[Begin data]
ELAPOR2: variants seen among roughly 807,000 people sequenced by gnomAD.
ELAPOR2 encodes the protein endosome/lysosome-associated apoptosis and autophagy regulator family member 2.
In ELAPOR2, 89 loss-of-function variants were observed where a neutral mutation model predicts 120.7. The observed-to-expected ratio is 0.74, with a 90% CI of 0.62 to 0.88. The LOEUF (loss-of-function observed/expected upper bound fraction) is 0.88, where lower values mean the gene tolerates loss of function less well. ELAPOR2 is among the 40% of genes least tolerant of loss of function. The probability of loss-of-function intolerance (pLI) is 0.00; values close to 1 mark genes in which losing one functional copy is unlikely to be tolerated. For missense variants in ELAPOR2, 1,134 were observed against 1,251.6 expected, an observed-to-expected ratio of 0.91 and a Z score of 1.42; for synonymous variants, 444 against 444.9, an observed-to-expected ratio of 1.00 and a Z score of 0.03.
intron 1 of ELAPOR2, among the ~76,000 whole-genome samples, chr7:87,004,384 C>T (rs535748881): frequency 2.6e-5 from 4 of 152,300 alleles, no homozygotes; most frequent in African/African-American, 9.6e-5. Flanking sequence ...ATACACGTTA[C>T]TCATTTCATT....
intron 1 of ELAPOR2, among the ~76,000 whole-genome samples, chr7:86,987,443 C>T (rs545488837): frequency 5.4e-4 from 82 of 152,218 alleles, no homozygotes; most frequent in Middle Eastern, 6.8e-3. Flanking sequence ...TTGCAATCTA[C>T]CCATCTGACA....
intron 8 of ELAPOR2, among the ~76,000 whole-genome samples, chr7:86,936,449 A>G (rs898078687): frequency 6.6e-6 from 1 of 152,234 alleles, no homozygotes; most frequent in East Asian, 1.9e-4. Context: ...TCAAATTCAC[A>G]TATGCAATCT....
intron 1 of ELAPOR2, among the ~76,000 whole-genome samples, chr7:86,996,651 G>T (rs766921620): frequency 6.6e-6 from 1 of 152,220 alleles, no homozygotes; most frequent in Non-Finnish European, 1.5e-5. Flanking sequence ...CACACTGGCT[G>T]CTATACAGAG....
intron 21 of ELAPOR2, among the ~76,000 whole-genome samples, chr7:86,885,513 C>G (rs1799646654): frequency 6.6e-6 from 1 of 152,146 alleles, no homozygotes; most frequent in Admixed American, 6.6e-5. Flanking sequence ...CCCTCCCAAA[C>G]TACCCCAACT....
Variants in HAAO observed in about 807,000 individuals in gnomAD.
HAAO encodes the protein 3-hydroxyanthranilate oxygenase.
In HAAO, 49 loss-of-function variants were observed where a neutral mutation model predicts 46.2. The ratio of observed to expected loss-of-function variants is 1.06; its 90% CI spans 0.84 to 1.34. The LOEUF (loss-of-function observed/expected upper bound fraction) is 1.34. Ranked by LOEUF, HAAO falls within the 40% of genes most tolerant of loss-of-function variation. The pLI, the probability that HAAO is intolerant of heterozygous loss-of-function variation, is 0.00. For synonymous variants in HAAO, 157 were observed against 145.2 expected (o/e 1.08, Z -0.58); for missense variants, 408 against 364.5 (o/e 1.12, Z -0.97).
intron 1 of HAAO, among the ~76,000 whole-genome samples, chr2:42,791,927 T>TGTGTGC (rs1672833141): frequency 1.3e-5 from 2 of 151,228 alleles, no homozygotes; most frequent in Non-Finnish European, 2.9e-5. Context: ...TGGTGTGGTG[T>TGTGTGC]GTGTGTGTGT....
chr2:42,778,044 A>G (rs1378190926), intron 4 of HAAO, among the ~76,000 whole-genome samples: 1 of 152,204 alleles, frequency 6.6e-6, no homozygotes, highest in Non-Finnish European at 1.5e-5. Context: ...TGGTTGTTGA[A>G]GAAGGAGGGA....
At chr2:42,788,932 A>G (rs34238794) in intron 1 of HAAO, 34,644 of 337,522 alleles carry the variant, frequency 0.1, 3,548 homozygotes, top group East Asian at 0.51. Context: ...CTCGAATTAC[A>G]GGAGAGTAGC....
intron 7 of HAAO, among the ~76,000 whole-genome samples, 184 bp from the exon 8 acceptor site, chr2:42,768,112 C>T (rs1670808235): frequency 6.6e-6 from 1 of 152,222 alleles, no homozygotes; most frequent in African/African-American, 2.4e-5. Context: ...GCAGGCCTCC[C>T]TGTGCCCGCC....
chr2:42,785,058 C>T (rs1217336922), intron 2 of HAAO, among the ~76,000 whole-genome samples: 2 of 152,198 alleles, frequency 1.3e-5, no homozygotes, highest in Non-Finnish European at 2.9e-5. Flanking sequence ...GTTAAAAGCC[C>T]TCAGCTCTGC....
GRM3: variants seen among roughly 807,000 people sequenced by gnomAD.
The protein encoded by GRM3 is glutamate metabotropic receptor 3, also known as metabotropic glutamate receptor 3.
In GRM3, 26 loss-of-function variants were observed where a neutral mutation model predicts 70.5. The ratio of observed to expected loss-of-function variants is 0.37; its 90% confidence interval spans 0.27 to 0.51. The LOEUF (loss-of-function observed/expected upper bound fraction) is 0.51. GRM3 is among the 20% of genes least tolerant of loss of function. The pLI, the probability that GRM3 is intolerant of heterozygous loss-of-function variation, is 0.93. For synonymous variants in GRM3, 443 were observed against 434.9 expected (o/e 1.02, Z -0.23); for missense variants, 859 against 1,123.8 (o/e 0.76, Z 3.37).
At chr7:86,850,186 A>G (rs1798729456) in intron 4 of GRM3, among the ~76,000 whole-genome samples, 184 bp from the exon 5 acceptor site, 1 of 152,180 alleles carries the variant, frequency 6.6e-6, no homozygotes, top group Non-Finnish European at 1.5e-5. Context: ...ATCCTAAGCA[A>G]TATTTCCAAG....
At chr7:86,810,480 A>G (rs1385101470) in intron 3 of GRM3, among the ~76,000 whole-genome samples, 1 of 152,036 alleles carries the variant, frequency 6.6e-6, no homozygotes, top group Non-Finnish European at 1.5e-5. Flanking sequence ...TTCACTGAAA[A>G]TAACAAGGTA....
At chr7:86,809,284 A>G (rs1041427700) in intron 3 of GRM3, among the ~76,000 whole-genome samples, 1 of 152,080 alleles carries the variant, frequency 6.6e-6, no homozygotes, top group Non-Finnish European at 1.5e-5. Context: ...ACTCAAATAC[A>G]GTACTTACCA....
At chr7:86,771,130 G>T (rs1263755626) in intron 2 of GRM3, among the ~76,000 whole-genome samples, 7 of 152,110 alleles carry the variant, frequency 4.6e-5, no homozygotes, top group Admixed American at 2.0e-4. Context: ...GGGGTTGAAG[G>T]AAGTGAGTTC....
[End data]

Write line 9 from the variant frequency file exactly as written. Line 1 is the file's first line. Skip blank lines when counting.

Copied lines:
Variants in HAAO observed in about 807,000 individuals in gnomAD.